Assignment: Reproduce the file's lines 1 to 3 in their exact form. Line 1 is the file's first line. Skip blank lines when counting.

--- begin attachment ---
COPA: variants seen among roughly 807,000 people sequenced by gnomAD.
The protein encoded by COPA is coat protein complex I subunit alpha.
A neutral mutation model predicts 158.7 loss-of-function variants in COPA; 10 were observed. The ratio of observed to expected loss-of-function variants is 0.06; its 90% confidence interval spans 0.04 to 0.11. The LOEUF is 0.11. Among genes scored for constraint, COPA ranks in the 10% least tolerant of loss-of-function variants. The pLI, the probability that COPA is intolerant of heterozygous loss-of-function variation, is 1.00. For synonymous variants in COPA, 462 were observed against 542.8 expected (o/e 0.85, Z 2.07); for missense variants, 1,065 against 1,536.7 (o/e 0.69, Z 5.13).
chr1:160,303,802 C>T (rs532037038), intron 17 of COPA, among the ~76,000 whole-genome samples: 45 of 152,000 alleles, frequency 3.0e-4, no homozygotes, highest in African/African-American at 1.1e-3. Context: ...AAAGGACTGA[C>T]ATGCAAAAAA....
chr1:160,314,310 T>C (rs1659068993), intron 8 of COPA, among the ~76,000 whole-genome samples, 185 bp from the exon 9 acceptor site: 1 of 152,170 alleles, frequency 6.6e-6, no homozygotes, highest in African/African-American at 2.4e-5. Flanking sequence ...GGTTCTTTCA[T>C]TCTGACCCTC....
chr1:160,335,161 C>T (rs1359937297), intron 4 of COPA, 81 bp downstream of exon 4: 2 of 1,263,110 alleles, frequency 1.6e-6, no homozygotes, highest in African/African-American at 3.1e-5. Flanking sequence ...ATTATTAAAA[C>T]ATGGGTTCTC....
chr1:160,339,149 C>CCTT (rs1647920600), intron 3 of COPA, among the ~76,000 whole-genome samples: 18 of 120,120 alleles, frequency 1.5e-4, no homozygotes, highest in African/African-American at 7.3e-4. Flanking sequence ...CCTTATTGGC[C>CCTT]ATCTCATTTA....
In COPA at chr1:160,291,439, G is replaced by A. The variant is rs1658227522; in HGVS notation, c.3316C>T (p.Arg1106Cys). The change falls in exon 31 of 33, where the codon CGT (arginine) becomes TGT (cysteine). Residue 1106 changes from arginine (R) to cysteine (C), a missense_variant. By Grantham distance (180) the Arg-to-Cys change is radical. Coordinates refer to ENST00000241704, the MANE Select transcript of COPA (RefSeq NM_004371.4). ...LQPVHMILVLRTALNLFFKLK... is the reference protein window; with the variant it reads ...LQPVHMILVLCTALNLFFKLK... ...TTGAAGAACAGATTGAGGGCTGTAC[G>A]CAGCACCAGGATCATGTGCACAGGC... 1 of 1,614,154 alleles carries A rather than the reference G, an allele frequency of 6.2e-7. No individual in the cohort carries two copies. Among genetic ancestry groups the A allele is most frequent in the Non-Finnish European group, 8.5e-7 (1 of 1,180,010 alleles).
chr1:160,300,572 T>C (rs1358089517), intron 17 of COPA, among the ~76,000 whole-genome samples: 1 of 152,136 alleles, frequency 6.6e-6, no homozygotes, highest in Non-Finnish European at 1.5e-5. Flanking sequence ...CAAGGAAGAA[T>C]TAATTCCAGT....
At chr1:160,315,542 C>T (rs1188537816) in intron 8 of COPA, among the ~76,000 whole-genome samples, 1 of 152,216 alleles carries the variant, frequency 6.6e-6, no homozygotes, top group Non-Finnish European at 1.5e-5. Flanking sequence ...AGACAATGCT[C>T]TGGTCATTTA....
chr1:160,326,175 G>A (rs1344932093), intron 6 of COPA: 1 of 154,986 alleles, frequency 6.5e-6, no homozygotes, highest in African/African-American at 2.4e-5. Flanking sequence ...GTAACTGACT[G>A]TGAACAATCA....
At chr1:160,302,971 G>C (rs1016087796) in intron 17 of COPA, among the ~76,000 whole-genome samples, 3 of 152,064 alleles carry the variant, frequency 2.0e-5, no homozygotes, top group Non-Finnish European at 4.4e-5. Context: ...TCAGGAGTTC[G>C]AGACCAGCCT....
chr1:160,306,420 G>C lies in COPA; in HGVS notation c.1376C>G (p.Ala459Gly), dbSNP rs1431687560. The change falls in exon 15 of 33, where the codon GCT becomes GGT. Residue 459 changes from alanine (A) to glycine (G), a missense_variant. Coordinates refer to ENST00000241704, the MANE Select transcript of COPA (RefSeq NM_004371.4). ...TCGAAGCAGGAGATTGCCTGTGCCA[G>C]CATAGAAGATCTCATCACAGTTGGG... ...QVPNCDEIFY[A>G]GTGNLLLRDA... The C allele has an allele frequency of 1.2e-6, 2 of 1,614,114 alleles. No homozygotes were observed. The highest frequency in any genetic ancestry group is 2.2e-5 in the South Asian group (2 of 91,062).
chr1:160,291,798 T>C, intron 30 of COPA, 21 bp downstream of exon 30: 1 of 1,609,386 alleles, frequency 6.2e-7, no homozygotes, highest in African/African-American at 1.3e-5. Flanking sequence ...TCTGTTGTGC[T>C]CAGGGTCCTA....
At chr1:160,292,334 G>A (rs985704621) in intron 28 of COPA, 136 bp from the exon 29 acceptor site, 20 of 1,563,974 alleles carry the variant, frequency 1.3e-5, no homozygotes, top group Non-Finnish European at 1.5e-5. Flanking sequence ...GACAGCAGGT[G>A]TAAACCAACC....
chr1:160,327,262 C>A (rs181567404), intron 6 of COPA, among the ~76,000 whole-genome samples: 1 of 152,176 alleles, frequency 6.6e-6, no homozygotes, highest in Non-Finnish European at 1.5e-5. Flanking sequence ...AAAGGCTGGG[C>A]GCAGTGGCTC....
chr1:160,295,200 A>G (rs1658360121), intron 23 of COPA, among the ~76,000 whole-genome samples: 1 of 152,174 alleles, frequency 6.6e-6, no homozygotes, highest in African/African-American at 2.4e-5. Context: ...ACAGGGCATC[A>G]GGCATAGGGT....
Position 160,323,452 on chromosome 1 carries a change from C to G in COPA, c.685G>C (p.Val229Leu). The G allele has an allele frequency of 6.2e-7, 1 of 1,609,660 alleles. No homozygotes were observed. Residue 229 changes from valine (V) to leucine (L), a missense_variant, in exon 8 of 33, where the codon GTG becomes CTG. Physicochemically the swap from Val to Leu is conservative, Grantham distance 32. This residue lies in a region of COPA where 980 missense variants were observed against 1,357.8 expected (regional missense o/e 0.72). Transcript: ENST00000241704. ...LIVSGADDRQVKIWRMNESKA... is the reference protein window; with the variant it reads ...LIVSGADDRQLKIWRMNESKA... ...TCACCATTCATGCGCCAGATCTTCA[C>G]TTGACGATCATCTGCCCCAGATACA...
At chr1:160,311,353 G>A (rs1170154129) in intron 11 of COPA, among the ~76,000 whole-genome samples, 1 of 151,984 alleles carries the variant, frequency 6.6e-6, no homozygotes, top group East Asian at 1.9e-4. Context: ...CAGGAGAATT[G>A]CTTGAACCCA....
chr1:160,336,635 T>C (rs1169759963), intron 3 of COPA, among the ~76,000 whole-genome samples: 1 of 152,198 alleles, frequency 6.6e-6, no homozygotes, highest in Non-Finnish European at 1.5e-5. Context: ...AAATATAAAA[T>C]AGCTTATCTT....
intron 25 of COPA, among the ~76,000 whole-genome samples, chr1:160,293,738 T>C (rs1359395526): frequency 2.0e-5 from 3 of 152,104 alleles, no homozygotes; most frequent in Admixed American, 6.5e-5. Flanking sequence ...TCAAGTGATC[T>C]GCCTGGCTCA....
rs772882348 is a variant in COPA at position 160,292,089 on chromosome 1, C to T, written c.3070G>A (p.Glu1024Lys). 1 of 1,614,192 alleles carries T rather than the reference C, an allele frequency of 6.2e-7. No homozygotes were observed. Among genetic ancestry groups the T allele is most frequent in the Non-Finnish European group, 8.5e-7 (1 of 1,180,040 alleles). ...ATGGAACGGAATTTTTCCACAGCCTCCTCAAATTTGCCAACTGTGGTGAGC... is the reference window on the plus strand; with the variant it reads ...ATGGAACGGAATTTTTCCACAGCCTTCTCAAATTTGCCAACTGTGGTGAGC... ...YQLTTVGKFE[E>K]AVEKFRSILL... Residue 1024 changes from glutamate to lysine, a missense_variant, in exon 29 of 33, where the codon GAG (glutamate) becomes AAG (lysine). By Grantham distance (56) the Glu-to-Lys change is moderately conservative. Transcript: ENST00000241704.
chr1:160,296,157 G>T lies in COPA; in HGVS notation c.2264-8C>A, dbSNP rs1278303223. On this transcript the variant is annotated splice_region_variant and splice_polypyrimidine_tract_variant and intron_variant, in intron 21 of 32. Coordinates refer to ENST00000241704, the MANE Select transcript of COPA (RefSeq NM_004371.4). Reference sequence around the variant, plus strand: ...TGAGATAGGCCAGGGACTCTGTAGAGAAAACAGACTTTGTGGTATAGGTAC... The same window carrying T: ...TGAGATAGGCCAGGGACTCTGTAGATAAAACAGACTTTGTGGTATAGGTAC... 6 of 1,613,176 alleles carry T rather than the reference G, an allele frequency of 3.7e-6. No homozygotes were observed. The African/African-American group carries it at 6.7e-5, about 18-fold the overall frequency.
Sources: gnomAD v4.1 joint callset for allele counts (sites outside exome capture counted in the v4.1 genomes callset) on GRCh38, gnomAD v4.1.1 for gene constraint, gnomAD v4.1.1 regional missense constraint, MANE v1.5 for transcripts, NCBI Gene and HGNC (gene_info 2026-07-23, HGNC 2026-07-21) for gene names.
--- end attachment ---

COPA: variants seen among roughly 807,000 people sequenced by gnomAD.
The protein encoded by COPA is coat protein complex I subunit alpha.
A neutral mutation model predicts 158.7 loss-of-function variants in COPA; 10 were observed. The ratio of observed to expected loss-of-function variants is 0.06; its 90% confidence interval spans 0.04 to 0.11. The LOEUF is 0.11. Among genes scored for constraint, COPA ranks in the 10% least tolerant of loss-of-function variants. The pLI, the probability that COPA is intolerant of heterozygous loss-of-function variation, is 1.00. For synonymous variants in COPA, 462 were observed against 542.8 expected (o/e 0.85, Z 2.07); for missense variants, 1,065 against 1,536.7 (o/e 0.69, Z 5.13).